Ramadan is the ninth month in the Muslim lunar calendar, and requires healthy, practising adults to fast from sunrise until sunset. Fasting includes abstaining from water, food and other acts considered immoral.
Why is Ramadan so important to Muslims?
The start of Ramadan changes every year because the Islamic calendar follows the phases of the moon.
The beginning and end of Ramadan are determined by a moon-sighting committee in Saudi Arabia, who announce the day it starts depending on when they spot a crescent moon.
If the moon is not visible to the naked eye because of undesirable weather or any other reason, lunar calculations are instead used to predict the start date.
This year, Ramadan is predicted to begin on May 6 and end on June 3, which will see Eid al-Fitr celebrations take place.
Ramadan is so important to Muslims because they believe that in 610 AD, an angel visited the Prophet Muhammad and revealed to him the Quran, the Islamic holy book.
The revelation, referred to as the “night of power”, or ‘Laylat Al Qadar’ in Arabic, is believed to have happened during the holy month of Ramadan.
Muslims fast during the month as a way to commemorate the revelation of the holy book.
The naming of Ramadan comes from Arabic origins, named from ‘ar-ramad’, which means ‘scorching heat’.
- Morrison and Asda change opening times as crisis continues
What do Muslims do during Ramadan?
During Ramadan, Muslims aim to grow spiritually and build stronger relationships with Allah, as well as their loved ones.
This is done through prayer and reciting the Quran, making their actions intentional and selfless, donating to charity, abstaining from gossiping, lying and fighting.
Throughout the month of Ramadan, Muslims also abstain from drinking and sexual intercourse between sunrise and sunset.
Fasting is obligatory to all Muslims except those who are ill, elderly, pregnant, travelling or menstruating.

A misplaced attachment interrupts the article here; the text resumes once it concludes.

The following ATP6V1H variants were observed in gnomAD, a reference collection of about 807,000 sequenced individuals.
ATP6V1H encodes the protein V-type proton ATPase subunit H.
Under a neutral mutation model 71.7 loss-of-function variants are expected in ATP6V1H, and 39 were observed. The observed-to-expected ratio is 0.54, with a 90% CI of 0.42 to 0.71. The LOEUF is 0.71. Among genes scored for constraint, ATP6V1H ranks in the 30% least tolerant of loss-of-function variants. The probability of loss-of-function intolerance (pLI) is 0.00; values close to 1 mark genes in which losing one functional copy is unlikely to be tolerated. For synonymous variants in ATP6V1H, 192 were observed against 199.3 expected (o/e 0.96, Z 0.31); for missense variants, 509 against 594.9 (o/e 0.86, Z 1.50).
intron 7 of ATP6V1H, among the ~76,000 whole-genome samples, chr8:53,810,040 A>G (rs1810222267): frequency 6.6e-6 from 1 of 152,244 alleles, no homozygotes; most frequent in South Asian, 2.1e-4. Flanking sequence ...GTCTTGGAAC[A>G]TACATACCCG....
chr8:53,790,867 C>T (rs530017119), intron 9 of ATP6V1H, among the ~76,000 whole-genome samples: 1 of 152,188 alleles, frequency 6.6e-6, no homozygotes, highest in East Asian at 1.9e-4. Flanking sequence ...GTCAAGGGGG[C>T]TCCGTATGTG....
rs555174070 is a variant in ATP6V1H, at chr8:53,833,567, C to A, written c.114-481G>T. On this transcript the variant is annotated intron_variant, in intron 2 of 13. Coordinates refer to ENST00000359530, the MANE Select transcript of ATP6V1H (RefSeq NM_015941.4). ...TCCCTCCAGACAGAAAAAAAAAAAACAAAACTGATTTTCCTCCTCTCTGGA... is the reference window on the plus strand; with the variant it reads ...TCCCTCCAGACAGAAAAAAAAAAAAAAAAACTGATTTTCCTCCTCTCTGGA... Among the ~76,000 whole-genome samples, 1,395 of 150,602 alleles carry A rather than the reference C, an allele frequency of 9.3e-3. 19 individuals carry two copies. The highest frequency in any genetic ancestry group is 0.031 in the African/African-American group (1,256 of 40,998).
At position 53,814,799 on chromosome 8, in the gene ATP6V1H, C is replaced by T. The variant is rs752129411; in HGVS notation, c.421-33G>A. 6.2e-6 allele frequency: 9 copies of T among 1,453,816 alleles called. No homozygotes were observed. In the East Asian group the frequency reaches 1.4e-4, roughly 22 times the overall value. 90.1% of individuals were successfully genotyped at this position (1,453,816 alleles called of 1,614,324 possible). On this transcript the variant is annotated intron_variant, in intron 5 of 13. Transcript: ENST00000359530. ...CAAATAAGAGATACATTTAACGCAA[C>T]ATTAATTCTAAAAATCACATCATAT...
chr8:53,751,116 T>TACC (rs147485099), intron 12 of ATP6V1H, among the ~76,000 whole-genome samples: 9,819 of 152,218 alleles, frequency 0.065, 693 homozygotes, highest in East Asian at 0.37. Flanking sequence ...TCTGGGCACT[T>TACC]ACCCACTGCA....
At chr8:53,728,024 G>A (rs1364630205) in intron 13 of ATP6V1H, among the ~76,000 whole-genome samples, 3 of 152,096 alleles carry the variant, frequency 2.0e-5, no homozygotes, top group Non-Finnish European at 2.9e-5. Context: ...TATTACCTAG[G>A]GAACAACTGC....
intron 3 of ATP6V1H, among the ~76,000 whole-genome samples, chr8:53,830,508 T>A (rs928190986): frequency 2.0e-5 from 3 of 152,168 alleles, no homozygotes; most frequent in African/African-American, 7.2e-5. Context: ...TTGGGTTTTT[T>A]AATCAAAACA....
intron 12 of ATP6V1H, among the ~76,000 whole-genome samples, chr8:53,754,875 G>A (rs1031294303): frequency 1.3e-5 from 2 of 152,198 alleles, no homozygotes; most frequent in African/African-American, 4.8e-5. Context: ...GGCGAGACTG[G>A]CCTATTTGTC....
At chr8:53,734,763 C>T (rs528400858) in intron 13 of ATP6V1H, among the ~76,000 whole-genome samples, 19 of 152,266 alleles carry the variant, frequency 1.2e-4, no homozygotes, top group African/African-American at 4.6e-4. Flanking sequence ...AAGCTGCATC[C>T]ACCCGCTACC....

- Key workers shopping: When can key workers go shopping?
Fasting days that are missed can be made up throughout the year, either separately or in one bulk period.
Maulana Muhammad Ali from Muslim.org said: “The real purpose of fasting is to attain righteousness.
“A person who undergoes hunger and thirst, but does not behave righteously, has done nothing.
“If someone is told the aim and object of doing a certain duty, and he does that duty but does not attain the required aim and object, it is as if he has not done that duty.
Hazrat Mirza Ghulam Ahmad added: “People are unaware of the true nature of fasting. Fasting is not just the state of remaining hungry and thirsty.
“The human makeup is such that the less food is consumed the greater the purification of the soul and the development of the powers of inner vision.
“God’s purpose is that you should reduce one kind of food (physical) and increase the other kind (spiritual). The person fasting must remember that the aim is not simply to remain hungry.
“The object of fasting is that a person should abstain from the food which nourishes the body and obtain the other food which satisfies and brings solace to the soul.”
After the last day of Ramadan, Muslims celebrate Eid al-Fitr, which is three days of festivities to celebrate the end of the fasting.
On this day, Muslims typically exchange gifts, pay their respects to the dead and gather for meals with family.
Source: Read Full Article